3. @Erin--Could you describe the question game? And did you play the boxed version of Game of Things? Was it the same as what I described?

    @Wolfie--Yes, that would be the worst. I can see how Apples to Apples might be fun in just the right group, but as you point out there, it can be nearly miserable in the wrong group. And you're right--you could play Things with A2A cards. Alternatively, you could play Things with all the slips lying in the open. Of course, then handwriting becomes a factor.

  4. I bought Things ( a garage sale for $2 last year. It may have been the best purchase ever. It would have come with me had I ever made it back to Chicago since then. I love it, especially when playing with "writerly" types. It's fun to try and "disguise" your handwriting or throw out an answer that would make someone think it belongs to someone else. All the rules you play with are the same except that I have cards to choose from rather than creating your own categories.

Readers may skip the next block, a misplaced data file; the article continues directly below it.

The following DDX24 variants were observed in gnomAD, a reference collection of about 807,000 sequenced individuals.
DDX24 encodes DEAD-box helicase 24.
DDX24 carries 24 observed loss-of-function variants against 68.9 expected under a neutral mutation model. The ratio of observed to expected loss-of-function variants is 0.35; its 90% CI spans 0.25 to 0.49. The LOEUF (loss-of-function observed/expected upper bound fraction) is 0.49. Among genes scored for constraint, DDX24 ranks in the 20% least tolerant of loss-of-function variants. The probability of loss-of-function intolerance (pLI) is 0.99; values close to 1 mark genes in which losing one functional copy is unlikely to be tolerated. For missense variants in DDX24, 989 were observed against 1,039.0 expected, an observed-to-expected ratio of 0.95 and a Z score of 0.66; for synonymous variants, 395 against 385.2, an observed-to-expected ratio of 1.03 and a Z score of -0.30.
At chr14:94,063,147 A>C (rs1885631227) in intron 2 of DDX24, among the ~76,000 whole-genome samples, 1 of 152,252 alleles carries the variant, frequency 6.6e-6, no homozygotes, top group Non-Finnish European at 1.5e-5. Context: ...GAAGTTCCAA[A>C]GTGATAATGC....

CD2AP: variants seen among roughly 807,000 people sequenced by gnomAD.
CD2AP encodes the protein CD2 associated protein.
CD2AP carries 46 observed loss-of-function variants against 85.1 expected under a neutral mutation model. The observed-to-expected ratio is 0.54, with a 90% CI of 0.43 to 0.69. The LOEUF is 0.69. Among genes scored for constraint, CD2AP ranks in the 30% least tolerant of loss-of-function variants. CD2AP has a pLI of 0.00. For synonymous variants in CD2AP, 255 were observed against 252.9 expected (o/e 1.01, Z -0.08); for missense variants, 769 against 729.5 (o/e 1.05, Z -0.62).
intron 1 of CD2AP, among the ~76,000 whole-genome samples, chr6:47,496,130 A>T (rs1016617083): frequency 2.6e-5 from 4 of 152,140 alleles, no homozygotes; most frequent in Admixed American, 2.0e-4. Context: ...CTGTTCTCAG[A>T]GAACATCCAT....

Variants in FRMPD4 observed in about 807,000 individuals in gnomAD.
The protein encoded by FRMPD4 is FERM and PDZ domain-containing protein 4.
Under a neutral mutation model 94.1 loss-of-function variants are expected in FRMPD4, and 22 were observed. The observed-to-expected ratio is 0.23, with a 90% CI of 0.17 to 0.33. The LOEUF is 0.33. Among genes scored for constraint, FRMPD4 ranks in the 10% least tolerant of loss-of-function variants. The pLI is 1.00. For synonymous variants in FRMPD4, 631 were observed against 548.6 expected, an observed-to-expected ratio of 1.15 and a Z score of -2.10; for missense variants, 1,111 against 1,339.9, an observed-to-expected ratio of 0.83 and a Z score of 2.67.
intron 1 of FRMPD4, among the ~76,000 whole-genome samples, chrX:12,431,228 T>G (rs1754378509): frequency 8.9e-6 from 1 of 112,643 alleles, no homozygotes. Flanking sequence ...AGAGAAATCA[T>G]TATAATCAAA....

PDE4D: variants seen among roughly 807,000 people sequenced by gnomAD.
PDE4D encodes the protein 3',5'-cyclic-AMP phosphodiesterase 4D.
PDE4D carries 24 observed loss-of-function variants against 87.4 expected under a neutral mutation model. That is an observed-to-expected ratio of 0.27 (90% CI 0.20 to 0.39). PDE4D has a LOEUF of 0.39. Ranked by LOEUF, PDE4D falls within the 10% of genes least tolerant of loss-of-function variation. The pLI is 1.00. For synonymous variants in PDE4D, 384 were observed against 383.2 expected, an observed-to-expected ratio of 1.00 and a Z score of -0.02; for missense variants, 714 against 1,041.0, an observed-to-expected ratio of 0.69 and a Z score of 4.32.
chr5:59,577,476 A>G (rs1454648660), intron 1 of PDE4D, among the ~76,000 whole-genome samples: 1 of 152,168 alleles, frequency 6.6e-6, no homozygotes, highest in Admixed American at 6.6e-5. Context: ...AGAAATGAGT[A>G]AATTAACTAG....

But I still love Apples to Apples, too, because it gives me suggestions I never would've come up with on my own.

  5. Hi Jonathan

    I am the co-inventor of "The Game of Things...". Good for you for coming up with your own version of THINGS... to play with your friends. Your rules are very close to our original rules (although since we licensed it to HASBRO for Canada & the US they made some rule changes). I do hope that someday you do play our official version that comes in a box (we did coin and copywrite the name The Game of THINGS...). We played THINGS... for many years just to make each other laugh before we even thought about putting it on the market and so most of our topics have been tested and have inspired a lot of comedy. At the least you should check out our website which we relaunched in December and now you can actually play a few topics for free on-line. There is also a contest to win free copies of THINGS... and if you check in monthly there will be other fun ways to get involved and possibly win something.

  6. The game of things has a little bit of the same problem Wolfie mentioned with Apples to Apples- if you're sort of an extra in someone else's group, it makes it much harder to play, and not as much fun in general. When we played, I only knew you and the hosts of the party, but I had to try guessing what this guy I met 20 minutes ago wrote down (while also trying to remember what his name is in the first place). It was still fun-ish, but I think it would be better with a group you know.